Caramelized onions may take some time to cook, but the development of the sweet/brown/complex flavors is absolutely worth the time required. I love using them on pizza, in dip, on baked brie… etc. So here’s an oldie-but-a-goodie appetizer from the ATK Family cookbook that makes good use of them. I’ve made this dip many times before, but I didn’t make it last year because I tried a caramelized onion/shallot dip from Bon Appetit instead. That one was delicious, but a bit more time consuming; this year I had frozen leftover caramelized onions, making this a 5-minute recipe. And with all the other party foods I had planned, I was all about expediency wherever I could find it!
Archive for the ‘Appetizer’ Category
Among all the cheeses, desserts, and other indulgences at our Christmas party, I try to include something healthy, and hummus has become a staple. I usually end up making it several other times throughout the year, because it’s so fast and easy (and cheap!) to throw together. I personally prefer homemade hummus to that sold at the store, and it doesn’t take any ingredients that I don’t normally keep in my pantry. The one slightly unusual ingredient, tahini, keeps for a long time in the pantry or fridge (I keep mine right next to the peanut butter), so I buy a large jar to have on hand.
Although I usually make it super-fast with canned chickpeas, this time I made what Cook’s Illustrated calls “Ultimate hummus,” made with dried chickpeas. This version requires a little more forethought because the dried chickpeas require an overnight soak plus an hour of simmering time. Was this extra time worth it? Just for fun, I also made the canned chickpea version to do a side-by-side taste test. (Actually I made it because my husband really wanted hummus RIGHT NOW and couldn’t wait until the party the next day, but we’ll pretend it was for science.) My husband actually preferred the canned chickpea variety, while I liked the one made with dried chickpeas slightly better. Final verdict? Make whatever you have time for, and don’t feel like you’re “cheating” using canned garbanzos. I’ve included both versions of the recipe below. Enjoy!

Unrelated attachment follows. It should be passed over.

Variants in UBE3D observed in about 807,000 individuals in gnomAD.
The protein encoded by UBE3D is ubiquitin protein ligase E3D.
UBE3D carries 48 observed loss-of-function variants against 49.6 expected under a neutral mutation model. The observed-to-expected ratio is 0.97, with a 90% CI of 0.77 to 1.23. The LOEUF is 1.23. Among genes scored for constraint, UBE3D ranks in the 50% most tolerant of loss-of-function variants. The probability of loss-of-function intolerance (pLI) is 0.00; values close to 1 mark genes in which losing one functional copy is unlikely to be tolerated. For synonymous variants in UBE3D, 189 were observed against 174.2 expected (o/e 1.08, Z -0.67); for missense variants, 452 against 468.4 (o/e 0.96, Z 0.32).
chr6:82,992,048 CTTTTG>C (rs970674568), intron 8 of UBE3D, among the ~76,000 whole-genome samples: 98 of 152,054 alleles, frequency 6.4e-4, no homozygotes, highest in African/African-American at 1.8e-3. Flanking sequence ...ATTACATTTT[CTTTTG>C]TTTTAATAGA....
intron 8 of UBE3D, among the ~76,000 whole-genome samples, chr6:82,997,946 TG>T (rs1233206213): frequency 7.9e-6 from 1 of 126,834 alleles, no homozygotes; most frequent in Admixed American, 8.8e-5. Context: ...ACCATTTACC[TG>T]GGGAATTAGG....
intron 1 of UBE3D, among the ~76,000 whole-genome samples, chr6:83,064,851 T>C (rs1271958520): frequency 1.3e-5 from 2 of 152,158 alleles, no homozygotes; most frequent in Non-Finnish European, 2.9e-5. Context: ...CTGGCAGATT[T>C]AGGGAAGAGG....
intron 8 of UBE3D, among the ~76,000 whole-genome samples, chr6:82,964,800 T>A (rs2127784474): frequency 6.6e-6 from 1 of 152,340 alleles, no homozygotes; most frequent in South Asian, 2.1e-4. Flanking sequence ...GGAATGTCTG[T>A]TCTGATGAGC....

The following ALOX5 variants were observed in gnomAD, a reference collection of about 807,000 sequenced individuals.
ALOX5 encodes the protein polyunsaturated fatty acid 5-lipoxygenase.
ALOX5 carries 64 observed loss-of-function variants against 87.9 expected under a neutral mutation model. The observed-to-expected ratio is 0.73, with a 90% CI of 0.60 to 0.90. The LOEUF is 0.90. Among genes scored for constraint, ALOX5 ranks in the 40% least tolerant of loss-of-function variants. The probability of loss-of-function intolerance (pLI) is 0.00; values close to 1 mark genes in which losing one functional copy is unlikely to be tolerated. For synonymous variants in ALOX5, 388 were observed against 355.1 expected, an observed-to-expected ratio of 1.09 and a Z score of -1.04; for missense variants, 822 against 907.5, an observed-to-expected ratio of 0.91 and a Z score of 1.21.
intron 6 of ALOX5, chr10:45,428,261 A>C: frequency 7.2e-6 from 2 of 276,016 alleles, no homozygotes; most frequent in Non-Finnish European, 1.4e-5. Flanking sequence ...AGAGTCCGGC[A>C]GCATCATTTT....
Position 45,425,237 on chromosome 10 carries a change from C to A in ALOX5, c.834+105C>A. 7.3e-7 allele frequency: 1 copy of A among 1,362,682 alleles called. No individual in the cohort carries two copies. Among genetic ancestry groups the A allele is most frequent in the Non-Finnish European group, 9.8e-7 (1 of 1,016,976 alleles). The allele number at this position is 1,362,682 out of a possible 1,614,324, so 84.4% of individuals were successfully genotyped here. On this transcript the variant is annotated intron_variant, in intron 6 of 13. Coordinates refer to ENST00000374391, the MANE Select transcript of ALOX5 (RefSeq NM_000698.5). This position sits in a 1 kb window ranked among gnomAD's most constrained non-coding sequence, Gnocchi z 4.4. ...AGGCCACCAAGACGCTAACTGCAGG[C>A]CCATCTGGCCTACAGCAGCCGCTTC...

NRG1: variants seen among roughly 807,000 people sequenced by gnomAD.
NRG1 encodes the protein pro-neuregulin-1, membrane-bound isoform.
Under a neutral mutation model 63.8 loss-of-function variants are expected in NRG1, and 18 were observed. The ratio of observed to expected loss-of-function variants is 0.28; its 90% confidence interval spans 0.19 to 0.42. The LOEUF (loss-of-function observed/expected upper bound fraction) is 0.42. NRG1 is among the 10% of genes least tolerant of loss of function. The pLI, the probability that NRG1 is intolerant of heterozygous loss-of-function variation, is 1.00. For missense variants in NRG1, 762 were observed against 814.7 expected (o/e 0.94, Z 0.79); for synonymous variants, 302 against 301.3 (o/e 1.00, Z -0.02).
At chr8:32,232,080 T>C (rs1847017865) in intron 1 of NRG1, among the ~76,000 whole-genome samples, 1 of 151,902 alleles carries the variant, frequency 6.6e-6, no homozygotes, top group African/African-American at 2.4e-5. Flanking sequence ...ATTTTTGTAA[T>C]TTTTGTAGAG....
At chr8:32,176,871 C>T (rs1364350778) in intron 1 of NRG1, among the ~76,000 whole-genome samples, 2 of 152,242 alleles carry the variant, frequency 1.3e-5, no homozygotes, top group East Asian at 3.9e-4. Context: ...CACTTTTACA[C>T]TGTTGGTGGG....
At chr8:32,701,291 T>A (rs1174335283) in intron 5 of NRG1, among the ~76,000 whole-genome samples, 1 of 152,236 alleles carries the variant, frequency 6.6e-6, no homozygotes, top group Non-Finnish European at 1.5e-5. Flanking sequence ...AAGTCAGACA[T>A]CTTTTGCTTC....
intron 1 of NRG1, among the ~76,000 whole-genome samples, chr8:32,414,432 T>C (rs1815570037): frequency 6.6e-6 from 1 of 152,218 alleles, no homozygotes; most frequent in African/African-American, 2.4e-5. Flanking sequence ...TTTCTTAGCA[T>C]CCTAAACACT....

Cheese has always featured prominently at our Christmas open house; it’s a perfect opportunity to sample three or four kinds from the shop that I would never just buy a hunk of on my own to eat. In addition to serving blocks of various cheeses, I’ve always made a baked brie wrapped in puff pastry. But this year we skipped the baked cheese and I brought back this zesty cheese spread, which I’d forgone the past few years in favor of trying new spreads and dips. Although I never personally developed a taste for drinking beer, I love how it works in recipes. And the flavors of sharp cheddar and beer pair perfectly – picture soft Bavarian pretzels with zingy cheddar dip from your favorite brew house, yum!
This spread from the ATK Family Cookbook is super easy to throw together, as long as you have a food processor. Even if you only have a mini processor, the recipe can easily be cut in half. The Worcestershire, dijon, and Tabasco give this spread a definite kick, so it’s best paired with a hearty whole wheat or multigrain cracker. Rye crackers would also make an excellent flavor combination. Enjoy!
It’s been a month and a half since my last post… I suppose I could make an excuse for the silence, like the busy-ness of the holidays or some such. Honestly I’ve had the time to write, I just haven’t felt like I had much of anything interesting to say. I don’t know if it’s lingering effects of the mono, or just the fact that it’s so dark all the time, but I haven’t felt like doing much of anything lately. I’m hopeful that now that I’m finished with holiday obligations, I’ll be able to find a little more energy and motivations for the activities I enjoy. I’m certainly still cooking; we’ve got to eat! How about starting with some party appetizers?
My husband and I hosted our first Christmas open house party back in 2006, before we were even engaged. It’s become an annual tradition for us, and it quickly became one of my favorites. It’s the only time of year when we have a lot of people over at once (we’re usually the types to have one other couple over for dinner, very casual), and it’s a perfect excuse to make a ton of finger foods. Appetizers are some of my favorite foods to make, but since we rarely have dinner parties, I don’t have many occasions to serve them. I really should remedy that this coming year. In fact, I think I’ll make that my New Year’s resolution: host a more formal dinner party for 6 (or 8) twice in 2014.